In some implementations, a hybrid TOA positioning system can improve the performance of estimating the location of the unknown network device. As part of the hybrid TOA positioning system, the TOA1 positioning system described above can execute a single iteration to estimate the location of the unknown network device (referred to herein as “intermediate location of the unknown network device”) and a distance calibration constant (referred to herein as “intermediate distance calibration constant”). The intermediate location of the unknown network device and the intermediate distance calibration constant (along with the location of the reference network devices and the distance to each of the reference network devices) can then be used to calculate a target (or estimated) distance calibration constant and a second intermediate location of the unknown network device. In addition, the hybrid TOA positioning system can also comprise a second TOA positioning system referred to herein as “TOA2 positioning system.” The second TOA positioning system is typically sensitive to the distance calibration constant and may not utilize an arbitrarily selected distance calibration constant for positioning calculations. Instead, the TOA2 positioning system can utilize the intermediate distance calibration constant calculated by the TOA1 positioning system for positioning calculations, as will be described below. The hybrid TOA positioning system can iteratively execute the TOA2 positioning system based, at least in part, on the target distance calibration constant and the second intermediate location to estimate the location (“estimated location”) of the unknown network device. Calculating (rather than guessing) the target distance calibration constant can minimize sensitivity to the distance calibration constant, minimize positioning error associated with determining the location of the unknown network device, increase positioning accuracy and improve performance gain, consequently improving the overall performance of the unknown network device.

FIG. 1 is an example block diagram illustrating a mechanism for estimating the unknown location of a network device in a wireless communication network 100. In one example, the wireless communication network 100 comprises a WLAN device 102 with an unknown location (“unknown WLAN device”) and four reference WLAN devices 104, 106, 108, and 112. The unknown WLAN device 102 comprises a location calculation unit 110. In some implementations, the location calculation unit 110 may be implemented in a communication unit of the unknown WLAN device 102 that implements protocols and functionality to enable WLAN communication in the wireless communication network 100. It is noted that although not depicted in FIG. 1, in some embodiments one or more of the reference WLAN devices 104, 106, 108, and 112 can also comprise a location calculation unit and corresponding functionality for determining their respective location. In some implementations, the unknown WLAN device 102 and the reference WLAN devices 104, 106, 108, and 112 can each be electronic devices with WLAN communication capabilities, such as a laptop computer, a tablet computer, a mobile phone, a smart appliance, a gaming console, an access point, or other suitable electronic devices. The unknown WLAN device 102 can execute operations to determine its location, as will be described below in stages A-F.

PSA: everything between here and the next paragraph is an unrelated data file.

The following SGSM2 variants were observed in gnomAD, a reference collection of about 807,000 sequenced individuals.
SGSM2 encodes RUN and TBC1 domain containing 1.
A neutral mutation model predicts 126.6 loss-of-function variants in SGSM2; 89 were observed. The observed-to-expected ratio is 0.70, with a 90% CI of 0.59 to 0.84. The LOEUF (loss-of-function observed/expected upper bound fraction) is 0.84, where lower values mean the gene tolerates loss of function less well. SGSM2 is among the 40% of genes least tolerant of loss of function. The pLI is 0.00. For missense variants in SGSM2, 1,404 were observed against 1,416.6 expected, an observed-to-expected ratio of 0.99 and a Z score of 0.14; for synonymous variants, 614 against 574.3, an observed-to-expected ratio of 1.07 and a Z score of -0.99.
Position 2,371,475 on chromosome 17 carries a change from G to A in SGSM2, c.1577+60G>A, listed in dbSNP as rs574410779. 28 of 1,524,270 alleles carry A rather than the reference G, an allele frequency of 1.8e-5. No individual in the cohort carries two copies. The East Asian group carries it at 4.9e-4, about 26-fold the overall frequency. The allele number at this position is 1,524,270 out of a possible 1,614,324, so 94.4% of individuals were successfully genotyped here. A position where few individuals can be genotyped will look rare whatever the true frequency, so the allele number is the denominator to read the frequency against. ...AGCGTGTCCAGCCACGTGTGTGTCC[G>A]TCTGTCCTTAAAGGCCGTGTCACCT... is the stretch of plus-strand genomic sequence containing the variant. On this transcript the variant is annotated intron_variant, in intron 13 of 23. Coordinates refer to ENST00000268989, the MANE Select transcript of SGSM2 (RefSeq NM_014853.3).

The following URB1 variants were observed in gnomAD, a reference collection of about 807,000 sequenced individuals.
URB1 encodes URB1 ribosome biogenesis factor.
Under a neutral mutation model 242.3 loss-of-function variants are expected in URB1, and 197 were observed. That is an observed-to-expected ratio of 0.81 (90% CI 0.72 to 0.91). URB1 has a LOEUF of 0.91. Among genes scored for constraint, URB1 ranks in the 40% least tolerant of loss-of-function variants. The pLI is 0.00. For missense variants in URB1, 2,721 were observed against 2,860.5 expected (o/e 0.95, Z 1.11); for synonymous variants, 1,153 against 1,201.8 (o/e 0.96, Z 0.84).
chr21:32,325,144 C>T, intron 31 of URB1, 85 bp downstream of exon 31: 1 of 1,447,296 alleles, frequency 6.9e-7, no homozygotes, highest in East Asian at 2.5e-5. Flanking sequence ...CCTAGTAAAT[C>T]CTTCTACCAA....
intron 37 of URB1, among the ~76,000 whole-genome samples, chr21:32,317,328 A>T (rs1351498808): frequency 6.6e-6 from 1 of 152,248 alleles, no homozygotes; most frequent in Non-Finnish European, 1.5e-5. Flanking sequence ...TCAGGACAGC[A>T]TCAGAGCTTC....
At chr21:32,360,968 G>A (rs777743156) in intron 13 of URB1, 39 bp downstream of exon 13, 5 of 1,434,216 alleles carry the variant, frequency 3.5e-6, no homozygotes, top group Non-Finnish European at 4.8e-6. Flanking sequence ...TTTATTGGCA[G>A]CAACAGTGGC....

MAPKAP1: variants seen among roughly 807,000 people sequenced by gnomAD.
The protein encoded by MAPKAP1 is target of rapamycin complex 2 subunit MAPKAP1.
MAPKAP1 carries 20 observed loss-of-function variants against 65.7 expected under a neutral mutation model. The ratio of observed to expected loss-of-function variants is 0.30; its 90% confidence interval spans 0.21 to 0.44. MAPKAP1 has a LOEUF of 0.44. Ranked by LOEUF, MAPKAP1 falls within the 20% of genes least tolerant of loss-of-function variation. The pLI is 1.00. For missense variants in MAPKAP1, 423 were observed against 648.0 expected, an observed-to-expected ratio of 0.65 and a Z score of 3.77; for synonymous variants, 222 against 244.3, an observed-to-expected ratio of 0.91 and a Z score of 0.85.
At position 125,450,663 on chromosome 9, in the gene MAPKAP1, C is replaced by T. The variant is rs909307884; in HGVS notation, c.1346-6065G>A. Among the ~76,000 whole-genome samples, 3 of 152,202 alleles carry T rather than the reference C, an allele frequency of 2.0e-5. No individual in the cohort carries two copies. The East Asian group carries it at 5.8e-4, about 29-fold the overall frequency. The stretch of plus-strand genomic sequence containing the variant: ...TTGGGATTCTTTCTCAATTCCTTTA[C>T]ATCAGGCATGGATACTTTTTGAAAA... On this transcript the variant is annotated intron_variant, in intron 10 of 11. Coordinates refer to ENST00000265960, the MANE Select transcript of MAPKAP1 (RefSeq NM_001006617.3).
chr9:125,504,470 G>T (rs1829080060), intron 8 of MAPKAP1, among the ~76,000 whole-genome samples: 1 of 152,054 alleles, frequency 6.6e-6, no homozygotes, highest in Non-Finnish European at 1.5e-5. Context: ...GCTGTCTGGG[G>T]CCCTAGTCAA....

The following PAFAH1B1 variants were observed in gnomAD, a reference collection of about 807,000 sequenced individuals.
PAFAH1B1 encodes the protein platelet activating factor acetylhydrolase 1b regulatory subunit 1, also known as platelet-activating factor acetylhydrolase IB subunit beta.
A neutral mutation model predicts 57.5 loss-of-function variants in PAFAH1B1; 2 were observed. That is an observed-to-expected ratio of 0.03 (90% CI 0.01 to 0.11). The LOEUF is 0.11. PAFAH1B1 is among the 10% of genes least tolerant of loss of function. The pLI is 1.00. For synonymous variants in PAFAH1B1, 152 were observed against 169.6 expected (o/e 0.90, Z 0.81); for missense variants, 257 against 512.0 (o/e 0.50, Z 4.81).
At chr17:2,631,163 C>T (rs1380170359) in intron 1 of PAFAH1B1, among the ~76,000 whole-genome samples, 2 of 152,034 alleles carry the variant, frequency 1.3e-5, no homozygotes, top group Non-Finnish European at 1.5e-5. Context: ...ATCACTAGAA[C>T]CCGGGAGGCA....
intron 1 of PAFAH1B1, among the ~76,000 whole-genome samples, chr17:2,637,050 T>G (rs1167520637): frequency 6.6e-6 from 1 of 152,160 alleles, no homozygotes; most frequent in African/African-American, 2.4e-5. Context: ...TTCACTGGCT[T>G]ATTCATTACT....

At stage A, the location calculation unit 110 determines the round trip transit time (RTT) between the unknown WLAN device 102 and each of the reference WLAN devices 104, 106, 108, and 112 in the wireless communication network 100. In one implementation, the location calculation unit 110 can transmit one or more control messages to the reference WLAN device 104 and can receive corresponding one or more response control messages (e.g., acknowledgement (ACK) messages) from the reference WLAN device 104. The location calculation unit 110 can also record the time instants at which the control messages were transmitted to and the corresponding response control messages were received from the reference WLAN device 104. The location calculation unit 110 can then calculate the RTT between the unknown WLAN device 102 and the reference WLAN device 104 (“RTT associated with the reference WLAN device”) as the elapsed time between transmitting the control messages and receiving the corresponding response control messages, as will further be described in blocks 304-308 of FIG. 3. Likewise, the location calculation unit 110 can also calculate the RTT associated with the reference WLAN device 106 and the RTT associated with the reference WLAN device 108. It is noted that in other implementations, other suitable techniques can be employed to determine the RTT associated with the reference WLAN devices 104, 106, 108, and 112.